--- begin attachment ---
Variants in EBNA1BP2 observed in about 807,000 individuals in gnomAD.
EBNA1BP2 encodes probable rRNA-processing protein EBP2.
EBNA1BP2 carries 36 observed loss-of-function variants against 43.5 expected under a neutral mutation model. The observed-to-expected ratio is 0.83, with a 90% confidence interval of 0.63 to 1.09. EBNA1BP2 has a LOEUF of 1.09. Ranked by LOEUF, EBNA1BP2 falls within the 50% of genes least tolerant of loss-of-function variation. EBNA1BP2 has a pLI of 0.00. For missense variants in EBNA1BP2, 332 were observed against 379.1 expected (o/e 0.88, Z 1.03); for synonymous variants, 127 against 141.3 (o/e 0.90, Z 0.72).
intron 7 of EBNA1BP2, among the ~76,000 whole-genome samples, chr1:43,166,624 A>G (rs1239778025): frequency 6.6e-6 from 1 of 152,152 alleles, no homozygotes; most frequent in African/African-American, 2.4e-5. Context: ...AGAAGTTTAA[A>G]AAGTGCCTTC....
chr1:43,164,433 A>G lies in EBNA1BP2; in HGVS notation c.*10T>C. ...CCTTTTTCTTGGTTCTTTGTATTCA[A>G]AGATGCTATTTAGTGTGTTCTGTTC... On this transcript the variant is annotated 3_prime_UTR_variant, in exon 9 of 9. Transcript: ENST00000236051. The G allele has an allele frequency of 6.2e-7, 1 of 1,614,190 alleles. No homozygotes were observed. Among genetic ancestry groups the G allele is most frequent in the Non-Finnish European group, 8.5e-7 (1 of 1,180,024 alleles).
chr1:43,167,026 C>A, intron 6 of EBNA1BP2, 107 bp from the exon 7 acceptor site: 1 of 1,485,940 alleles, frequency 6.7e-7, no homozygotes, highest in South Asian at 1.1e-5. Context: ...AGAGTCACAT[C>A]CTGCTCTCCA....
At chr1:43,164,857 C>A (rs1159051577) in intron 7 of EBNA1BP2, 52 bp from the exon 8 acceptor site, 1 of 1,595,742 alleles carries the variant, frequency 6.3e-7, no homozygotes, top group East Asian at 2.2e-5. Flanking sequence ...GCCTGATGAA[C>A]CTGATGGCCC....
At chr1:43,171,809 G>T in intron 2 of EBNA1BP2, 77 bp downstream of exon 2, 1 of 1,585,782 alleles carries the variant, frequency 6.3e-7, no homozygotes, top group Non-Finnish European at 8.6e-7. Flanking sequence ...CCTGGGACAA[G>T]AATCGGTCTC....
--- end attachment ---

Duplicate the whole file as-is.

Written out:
Variants in EBNA1BP2 observed in about 807,000 individuals in gnomAD.
EBNA1BP2 encodes probable rRNA-processing protein EBP2.
EBNA1BP2 carries 36 observed loss-of-function variants against 43.5 expected under a neutral mutation model. The observed-to-expected ratio is 0.83, with a 90% confidence interval of 0.63 to 1.09. EBNA1BP2 has a LOEUF of 1.09. Ranked by LOEUF, EBNA1BP2 falls within the 50% of genes least tolerant of loss-of-function variation. EBNA1BP2 has a pLI of 0.00. For missense variants in EBNA1BP2, 332 were observed against 379.1 expected (o/e 0.88, Z 1.03); for synonymous variants, 127 against 141.3 (o/e 0.90, Z 0.72).
intron 7 of EBNA1BP2, among the ~76,000 whole-genome samples, chr1:43,166,624 A>G (rs1239778025): frequency 6.6e-6 from 1 of 152,152 alleles, no homozygotes; most frequent in African/African-American, 2.4e-5. Context: ...AGAAGTTTAA[A>G]AAGTGCCTTC....
chr1:43,164,433 A>G lies in EBNA1BP2; in HGVS notation c.*10T>C. ...CCTTTTTCTTGGTTCTTTGTATTCA[A>G]AGATGCTATTTAGTGTGTTCTGTTC... On this transcript the variant is annotated 3_prime_UTR_variant, in exon 9 of 9. Transcript: ENST00000236051. The G allele has an allele frequency of 6.2e-7, 1 of 1,614,190 alleles. No homozygotes were observed. Among genetic ancestry groups the G allele is most frequent in the Non-Finnish European group, 8.5e-7 (1 of 1,180,024 alleles).
chr1:43,167,026 C>A, intron 6 of EBNA1BP2, 107 bp from the exon 7 acceptor site: 1 of 1,485,940 alleles, frequency 6.7e-7, no homozygotes, highest in South Asian at 1.1e-5. Context: ...AGAGTCACAT[C>A]CTGCTCTCCA....
At chr1:43,164,857 C>A (rs1159051577) in intron 7 of EBNA1BP2, 52 bp from the exon 8 acceptor site, 1 of 1,595,742 alleles carries the variant, frequency 6.3e-7, no homozygotes, top group East Asian at 2.2e-5. Flanking sequence ...GCCTGATGAA[C>A]CTGATGGCCC....
At chr1:43,171,809 G>T in intron 2 of EBNA1BP2, 77 bp downstream of exon 2, 1 of 1,585,782 alleles carries the variant, frequency 6.3e-7, no homozygotes, top group Non-Finnish European at 8.6e-7. Flanking sequence ...CCTGGGACAA[G>T]AATCGGTCTC....